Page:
Cover for birds

Birds need cover from predators and from severe weather. They also need places to perch and just to be.

Chickadee under cover inside a shrub ©Janet AllenChickadee "under cover" sitting inside a shrub

Here's a "bird's eye" view of cover. See the chickadee? This is a very different view of plants than we usually see. We see a mass of leaves, but from the chickadee's point of view, this must feel like a nice safe place to be.

Rhododendrons providing cover ©Janet AllenRhododendrons providing cover

These rhododendrons outside our living room windows are a favorite place for birds to seek cover.

I'm surprised they choose this because the leaves of the rhododendrons kind of fold up during the winter, so it doesn't (to me anyway) seem to have as good cover as other plants, such as the hemlock (below).

A hemlock providing cover in winter ©Janet AllenA hemlock (Tsuga canadensis) providing cover in winter

If I were a bird, I'd be inside this hemlock. To me, this seems like good cover, especially with snow adding another level of protection.

Snag(Enlarge) ©Janet Allen
A snag tree in the neighborhood

Cavities in dead trees are another important source of cover (in addition to being nesting spaces in the summer).

I don't have any dead trees large enough to have a cavity, but when our sugar maple (Acer saccharum) is finally dead (the arborist gave it ten years a few years ago), I'm going to have it cut to the tallest height that's safe and plant trumpet vines (Campsis radicans) at its base. That should make a green totem with space for cavities.

Manmade cover

A roost box for cover in winter ©Janet AllenA roost box for cover in winter

We installed a roost box many years ago. Note that the entrance hole is at the bottom, unlike nest boxes. Inside there are perches staggered along the side. The idea is that a small flock of birds can crowd into such a space to share warmth. In nature, of course, they'd use tree cavities, but they're in short supply in the suburbs. I have no idea of whether this has been used or not since it's installed at the side of the house we can't see. We put it fairly high up on a pole and haven't been able to get it down—a problem since it should be cleaned. Whether or not this is a useful addition to our habitat I'm not sure.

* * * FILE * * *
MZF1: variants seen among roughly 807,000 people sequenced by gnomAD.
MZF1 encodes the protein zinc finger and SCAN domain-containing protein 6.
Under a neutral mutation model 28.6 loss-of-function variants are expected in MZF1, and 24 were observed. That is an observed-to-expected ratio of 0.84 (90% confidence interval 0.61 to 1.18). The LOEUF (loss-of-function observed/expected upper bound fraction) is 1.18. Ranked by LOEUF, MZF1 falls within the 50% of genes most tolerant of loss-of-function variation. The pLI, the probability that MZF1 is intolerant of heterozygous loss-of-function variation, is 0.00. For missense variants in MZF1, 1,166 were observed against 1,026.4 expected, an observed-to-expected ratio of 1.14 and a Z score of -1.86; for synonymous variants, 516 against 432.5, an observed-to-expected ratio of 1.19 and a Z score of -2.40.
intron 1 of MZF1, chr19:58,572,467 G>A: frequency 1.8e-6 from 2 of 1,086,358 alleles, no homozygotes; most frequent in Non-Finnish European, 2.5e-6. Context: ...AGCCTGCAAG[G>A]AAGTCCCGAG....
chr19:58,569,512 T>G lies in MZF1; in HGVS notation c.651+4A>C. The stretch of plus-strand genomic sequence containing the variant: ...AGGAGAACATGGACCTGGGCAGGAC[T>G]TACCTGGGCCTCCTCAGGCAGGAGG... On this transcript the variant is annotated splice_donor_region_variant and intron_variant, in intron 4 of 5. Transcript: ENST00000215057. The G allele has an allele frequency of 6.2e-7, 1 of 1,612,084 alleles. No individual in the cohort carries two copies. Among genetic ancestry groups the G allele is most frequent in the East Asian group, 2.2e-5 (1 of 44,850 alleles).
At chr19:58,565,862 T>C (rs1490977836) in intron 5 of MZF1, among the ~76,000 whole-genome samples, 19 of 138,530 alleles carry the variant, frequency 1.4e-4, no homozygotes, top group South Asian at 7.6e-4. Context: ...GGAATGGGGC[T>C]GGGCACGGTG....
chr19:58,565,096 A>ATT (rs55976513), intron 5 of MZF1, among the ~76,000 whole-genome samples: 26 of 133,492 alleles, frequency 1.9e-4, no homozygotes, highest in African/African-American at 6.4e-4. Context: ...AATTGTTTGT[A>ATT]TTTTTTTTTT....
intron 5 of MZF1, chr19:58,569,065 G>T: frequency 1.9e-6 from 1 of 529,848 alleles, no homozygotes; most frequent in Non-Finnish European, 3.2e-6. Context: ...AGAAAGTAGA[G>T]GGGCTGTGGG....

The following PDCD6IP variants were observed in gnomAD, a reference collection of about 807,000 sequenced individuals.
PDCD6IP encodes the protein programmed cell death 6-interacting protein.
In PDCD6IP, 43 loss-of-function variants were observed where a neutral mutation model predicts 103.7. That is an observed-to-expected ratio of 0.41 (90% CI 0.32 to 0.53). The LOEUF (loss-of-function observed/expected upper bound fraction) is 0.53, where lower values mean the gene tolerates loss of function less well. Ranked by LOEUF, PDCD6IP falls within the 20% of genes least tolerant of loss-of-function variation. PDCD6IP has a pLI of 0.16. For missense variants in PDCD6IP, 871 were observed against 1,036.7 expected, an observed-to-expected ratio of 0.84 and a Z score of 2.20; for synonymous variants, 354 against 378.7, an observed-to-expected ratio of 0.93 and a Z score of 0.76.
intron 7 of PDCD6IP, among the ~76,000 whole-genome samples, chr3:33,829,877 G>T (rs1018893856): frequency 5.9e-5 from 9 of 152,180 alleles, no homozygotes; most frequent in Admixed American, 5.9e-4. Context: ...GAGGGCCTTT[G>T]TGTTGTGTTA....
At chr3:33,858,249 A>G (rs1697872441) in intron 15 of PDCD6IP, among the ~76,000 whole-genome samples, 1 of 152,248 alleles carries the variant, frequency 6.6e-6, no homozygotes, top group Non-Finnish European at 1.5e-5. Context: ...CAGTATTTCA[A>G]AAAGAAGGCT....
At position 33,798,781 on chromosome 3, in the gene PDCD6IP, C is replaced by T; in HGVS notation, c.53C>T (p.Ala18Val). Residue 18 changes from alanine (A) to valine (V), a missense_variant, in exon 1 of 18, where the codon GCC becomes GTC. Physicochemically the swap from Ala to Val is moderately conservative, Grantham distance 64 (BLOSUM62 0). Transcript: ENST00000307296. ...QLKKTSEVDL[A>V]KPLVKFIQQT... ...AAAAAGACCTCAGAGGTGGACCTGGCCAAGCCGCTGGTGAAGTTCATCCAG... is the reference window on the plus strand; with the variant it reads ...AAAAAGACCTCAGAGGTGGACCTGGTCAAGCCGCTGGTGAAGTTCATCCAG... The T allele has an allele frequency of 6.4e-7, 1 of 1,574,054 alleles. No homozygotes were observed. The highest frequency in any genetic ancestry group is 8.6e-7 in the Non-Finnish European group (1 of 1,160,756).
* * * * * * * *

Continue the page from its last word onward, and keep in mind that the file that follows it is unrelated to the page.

A place to perch

A flicker at the tippy-top of our tall pear tree ©Janet AllenA flicker at the tippy-top of our tall pear tree

This flicker was king of the mountain on this tall perch, and this old pear tree is a favorite spot for many birds in our yard.

The more I observe birds, the more I see that they need places to sit, to look for food or for mates, and to declare their territory. How many such places do lawn-dominated landscapes offer?

Doves grooming(Enlarge) ©Janet Allen
Doves grooming

Grooming feathers is important to keep them in good flying condition. Birds need a good place to sit and do this. These mourning doves are using another favorite perching spot in our yard: the maple tree outside our kitchen window. This lower branch is pretty much dead (although the rest of the tree is healthy). I guess its lack of leaves makes it a good place to perch.

Chickadee perching on the pagoda ©Janet Allen Chickadee perching on the pagoda dogwood

Also one of the top perching places in our yard is this almost-dead pagoda dogwood. Even though it's no longer producing berries, it's nice to know that it's still fulfilling a useful role in our yard. Years ago, we probably would have cut this down, but now with our new perspective we're still able to enjoy it.